2. KEEP ALL PAPERWORK PROVIDED

This is a convenience and efficiency tip. The paperwork provided to you by police before or at your first Court appearance usually includes:

– A Prosecution Notice

– A Court Hearing Notice/Summons

– A Bail Notice (if you are on bail)

– The Statement of Material Facts

– A notice stating whether you do or do not have a criminal record (and sometimes a copy of your criminal record)

These documents provide your criminal lawyer with the information they need to give you advice and guidance. From these documents collectively, your lawyer can tell exactly what charge you are facing, the alleged facts of what occurred, when your first Court date is, whether you have the choice about attending Court or whether you must attend (and what happens if you don’t) and whether you have a criminal record that is relevant.

If this paperwork is lost, you or your lawyer will need to request another copy from police which can take time and cause delays. Your lawyer is also unlikely to be able to give you in depth advice until reading these documents.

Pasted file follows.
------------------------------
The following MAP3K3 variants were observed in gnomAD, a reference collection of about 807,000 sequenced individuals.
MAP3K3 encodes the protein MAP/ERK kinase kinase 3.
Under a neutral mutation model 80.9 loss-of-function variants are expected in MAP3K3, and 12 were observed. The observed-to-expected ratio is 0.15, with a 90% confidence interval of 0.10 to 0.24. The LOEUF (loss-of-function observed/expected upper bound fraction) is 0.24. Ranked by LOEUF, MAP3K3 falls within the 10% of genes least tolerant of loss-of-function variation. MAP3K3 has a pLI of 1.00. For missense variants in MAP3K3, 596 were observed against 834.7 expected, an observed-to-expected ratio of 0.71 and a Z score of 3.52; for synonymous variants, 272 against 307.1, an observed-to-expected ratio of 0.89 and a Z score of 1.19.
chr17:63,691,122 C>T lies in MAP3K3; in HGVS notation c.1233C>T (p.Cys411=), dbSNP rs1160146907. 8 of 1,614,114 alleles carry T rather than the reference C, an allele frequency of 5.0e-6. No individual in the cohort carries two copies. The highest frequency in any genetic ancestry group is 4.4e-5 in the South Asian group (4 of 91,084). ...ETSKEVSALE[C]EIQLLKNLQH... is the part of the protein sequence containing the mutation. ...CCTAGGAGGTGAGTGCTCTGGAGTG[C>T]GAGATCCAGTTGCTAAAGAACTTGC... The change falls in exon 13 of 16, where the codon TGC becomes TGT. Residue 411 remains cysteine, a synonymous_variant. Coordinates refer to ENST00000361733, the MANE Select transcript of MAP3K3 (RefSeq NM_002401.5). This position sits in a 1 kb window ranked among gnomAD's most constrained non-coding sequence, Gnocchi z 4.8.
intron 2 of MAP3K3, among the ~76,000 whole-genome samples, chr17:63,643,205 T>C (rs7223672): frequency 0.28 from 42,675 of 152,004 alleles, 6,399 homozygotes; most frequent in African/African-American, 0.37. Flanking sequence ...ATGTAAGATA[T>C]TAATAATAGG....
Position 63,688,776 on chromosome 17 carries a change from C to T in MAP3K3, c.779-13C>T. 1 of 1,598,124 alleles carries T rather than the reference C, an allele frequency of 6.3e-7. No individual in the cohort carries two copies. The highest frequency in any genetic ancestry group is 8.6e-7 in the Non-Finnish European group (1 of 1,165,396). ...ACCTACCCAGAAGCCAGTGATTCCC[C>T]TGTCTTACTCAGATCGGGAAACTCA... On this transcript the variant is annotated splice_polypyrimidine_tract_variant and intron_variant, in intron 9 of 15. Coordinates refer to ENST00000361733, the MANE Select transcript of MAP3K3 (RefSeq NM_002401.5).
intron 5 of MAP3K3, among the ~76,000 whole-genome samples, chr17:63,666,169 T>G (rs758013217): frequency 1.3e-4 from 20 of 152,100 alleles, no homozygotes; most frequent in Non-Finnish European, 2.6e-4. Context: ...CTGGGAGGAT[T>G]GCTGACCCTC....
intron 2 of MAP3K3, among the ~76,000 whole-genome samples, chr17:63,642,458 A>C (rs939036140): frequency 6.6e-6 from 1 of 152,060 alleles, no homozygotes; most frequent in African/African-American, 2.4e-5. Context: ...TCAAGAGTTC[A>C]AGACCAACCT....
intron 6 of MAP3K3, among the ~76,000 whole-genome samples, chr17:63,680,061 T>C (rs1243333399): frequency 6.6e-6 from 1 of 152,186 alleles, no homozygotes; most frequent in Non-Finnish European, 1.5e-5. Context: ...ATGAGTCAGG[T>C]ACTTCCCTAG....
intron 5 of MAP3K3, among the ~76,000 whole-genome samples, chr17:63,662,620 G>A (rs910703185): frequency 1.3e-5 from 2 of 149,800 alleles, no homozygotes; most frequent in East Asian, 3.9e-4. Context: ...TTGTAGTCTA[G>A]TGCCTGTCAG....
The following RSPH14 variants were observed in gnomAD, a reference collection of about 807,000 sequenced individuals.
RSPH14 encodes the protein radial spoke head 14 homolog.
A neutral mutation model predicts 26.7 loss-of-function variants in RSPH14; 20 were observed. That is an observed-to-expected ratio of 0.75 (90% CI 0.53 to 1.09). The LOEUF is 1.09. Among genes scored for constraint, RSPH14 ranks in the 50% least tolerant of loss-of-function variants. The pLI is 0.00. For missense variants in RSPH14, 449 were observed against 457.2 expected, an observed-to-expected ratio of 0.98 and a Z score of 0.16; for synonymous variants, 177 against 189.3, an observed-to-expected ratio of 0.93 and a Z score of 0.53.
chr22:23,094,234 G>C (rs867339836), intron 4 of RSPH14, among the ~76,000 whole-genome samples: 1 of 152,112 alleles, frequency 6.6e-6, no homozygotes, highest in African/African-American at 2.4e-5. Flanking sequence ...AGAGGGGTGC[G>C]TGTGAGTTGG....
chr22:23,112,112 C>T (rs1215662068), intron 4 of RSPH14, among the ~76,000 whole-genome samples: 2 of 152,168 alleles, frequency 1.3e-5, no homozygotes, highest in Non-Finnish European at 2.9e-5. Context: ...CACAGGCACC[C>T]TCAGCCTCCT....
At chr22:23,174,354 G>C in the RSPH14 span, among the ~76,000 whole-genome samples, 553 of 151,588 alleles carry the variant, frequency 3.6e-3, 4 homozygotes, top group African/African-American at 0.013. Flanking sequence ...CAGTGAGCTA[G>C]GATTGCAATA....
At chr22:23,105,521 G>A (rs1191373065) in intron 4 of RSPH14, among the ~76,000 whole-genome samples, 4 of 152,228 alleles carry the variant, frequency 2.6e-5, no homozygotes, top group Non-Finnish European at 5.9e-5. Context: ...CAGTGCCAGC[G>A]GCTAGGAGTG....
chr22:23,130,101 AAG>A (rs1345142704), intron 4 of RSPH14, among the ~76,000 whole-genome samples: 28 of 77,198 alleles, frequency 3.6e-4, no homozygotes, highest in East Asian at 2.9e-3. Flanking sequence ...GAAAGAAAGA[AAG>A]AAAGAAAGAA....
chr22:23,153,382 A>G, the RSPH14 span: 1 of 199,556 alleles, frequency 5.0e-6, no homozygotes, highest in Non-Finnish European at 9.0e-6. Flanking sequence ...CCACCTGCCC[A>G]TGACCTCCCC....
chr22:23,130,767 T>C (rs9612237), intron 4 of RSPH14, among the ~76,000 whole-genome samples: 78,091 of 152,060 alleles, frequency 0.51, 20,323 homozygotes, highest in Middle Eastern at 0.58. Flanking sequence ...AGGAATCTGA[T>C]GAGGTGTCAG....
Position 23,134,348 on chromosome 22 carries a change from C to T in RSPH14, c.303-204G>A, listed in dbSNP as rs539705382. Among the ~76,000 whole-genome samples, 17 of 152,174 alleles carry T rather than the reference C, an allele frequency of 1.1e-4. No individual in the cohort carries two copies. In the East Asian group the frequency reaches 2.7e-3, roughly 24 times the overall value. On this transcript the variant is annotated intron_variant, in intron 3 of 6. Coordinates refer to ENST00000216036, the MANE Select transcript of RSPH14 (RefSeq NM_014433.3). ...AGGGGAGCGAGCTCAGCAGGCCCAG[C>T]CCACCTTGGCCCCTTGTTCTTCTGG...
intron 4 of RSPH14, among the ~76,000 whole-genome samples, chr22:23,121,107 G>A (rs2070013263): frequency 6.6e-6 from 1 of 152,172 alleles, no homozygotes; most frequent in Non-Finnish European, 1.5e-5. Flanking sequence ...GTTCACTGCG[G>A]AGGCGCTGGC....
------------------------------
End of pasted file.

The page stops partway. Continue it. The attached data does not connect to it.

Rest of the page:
3. KNOW YOUR BAIL CONDITIONS (and comply with them!)

Dealing with criminal charges is stressful enough. Dealing with subsequent allegations of breaches of bail is a distraction and can usually be avoided. Unfortunately, people can sometimes inadvertently commit a breach of bail offence through lack of understanding or carelessness. If arrested and charged, you may be released on bail by police to appear in Court at a particular date and time. Bail can be just the promise to attend Court when required (referred to as a ‘personal undertaking’) or your bail can include further conditions. Bail conditions are also considered by the Court at your appearance(s).

Some common conditions of bail are that:

– You must pay an amount of money if you do not attend court

– Someone who has agreed to be your ‘surety’ must pay an amount of money if you do not attend Court (ie. a family member)

– You must not contact a particular person (usually the alleged victim or witnesses)